When my wife and I decided we wanted a child we spent a full two years planning. We increased our savings, created wills, and paid down our debt. More importantly, we spent a significant amount of time discussing how we would parent and the impact parenthood would have on our relationship. Not only did we plan for the here and now, as uncomfortable as it was, we also speculated on how we would co-parent if our marriage were to end. That included custody arrangements, the splitting of assets and yes, child support.
We have always been a two-income household, but my wife has always been the top earner. And while I know I would be able to provide for our child on my own, there is no reason why my wife shouldn’t pay child support. I didn’t make the decision to become a parent on my own, and I won’t shoulder the financial obligations alone.
Children are beautiful but expensive blessings. Our daughter’s monthly expenses include daycare, medical and dental insurance, prescription medications, food, entertainment and other incidentals. Her expenses alone are more than $1,300 per month. Now factor in the electricity, water, and other necessities. So, are we to believe the custodial parent should pay for most of these expenses while also maintaining a roof over their head for both them and their children?
I’ve read ashy think pieces that blame everything thing from the prison industrial complex to Bitter Mama Syndrome for the reasons black men are forced to pay child support. Black men and pandering women view child support as a punishment and not an obligation. Many believe it’s a form of revenge because their relationships with their children’s mother didn’t work.
There’s always chatter about child support enslaving black fathers and adding to their debt, yet we refuse to discuss the financial burden custodial parents, specifically, black mothers have to shoulder. There are always conversations about what child support should and should not be used for. Most think child support shouldn’t be used for towards rental and mortgage payments, but isn’t it a custodial parent’s duty to provide a home for their child? Many believe mothers spend those payments on their own personal grooming habits such as hair and nails.
The average monthly child support payment is $430. Let’s be real. That doesn’t cover most daycare payments, let alone other monthly expenses— do you really believe mothers are spending it on their personal care? If anything your support reimburses them for expenses they have already paid for.
There are other, probably more eloquently written pieces about child support, and all the reasons it’s necessary. So, I won’t go on and on about it. There’s nothing new I can add to the conversation. It’s a tale as old as time, and black men will continue to believe what they want to believe. What I want to focus on is a more novel approach to child support. It’s an idea many don’t consider and I think it could truly bring an end to the ‘black man versus baby mama’ debate.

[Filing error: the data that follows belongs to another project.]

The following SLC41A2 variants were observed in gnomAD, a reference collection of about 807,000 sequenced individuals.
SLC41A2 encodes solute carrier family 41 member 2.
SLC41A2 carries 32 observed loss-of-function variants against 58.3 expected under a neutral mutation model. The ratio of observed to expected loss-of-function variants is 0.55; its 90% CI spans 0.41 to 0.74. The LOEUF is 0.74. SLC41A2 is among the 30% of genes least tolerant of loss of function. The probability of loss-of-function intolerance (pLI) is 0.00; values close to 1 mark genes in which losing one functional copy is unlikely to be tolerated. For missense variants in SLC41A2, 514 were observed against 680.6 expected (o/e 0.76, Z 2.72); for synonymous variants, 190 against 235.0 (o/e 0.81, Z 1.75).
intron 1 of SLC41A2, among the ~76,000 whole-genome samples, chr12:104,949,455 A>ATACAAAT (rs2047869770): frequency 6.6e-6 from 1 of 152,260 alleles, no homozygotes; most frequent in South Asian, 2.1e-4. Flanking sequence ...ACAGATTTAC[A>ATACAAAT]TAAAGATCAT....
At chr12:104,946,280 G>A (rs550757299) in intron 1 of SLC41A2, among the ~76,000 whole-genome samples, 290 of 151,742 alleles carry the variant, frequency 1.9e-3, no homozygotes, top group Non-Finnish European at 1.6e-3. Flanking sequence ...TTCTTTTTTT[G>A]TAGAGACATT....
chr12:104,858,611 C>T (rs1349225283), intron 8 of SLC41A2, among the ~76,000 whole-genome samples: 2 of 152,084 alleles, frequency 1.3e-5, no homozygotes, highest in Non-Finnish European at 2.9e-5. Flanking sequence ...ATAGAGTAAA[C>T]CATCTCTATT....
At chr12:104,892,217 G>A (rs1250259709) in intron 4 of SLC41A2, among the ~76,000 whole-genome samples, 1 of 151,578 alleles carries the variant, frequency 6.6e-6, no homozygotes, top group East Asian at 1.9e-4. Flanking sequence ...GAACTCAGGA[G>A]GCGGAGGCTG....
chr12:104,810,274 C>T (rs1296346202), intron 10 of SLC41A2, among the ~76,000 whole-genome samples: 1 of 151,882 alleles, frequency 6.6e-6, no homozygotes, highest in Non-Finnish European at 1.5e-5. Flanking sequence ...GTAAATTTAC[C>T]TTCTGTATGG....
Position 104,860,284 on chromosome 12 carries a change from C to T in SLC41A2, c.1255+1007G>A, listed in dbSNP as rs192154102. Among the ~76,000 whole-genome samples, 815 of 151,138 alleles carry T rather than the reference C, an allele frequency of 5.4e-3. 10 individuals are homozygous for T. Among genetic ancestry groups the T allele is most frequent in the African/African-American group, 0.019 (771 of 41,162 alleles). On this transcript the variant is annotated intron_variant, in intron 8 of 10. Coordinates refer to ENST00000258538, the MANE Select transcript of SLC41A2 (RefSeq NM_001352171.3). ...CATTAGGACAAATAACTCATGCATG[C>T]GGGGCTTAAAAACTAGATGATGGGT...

We’re past the discussions about hormonal contraception. We’re past blaming black women and making them shoulder the responsibility of birth control because they can’t be bothered to stop by the pharmacy and grab a box of condoms. We’re past shaming them when birth control fails or not used at all. We’re past blaming them for having sex, only to further shame them when they ask for their current or former parents to financially go ”half” on a baby. It’s time for black men to consider vasectomies. Most insurance providers cover them. In the long run, even paying out of pocket would be cost them considerably less than the average $430 most will pay in child support over an eighteen-year period.
We’re done blaming black mothers, bihh. It is time for black men to turn those ashy meme making, Twitter fingers into Google fingers and find suitable urologists and get to snippin’. I’ve worked in the field of sexual health for over a decade and vasectomies are proven effective at significantly reducing unintended pregnancies. If the thought of you paying for your child to enjoy the quality of life you enjoy sickens you, then maybe you should take preventative measures.
I know this solution will only work moving forward. I know there are many single mothers who will continue fighting the good fight for their children. They will continue to be demonized and shamed for wanting more for their children. And for those mothers– my heart is with you.
Creighton Leigh is curious amalgam of failure, fear, hope, dreams and perseverance. She's a wife, mother and writer who loves olives and cheese. She's an avid collector of salty tears. In her spare time she enjoys dismantling the cis heteronormative patriarchy.She's Senior Editor for SimoneDigital.com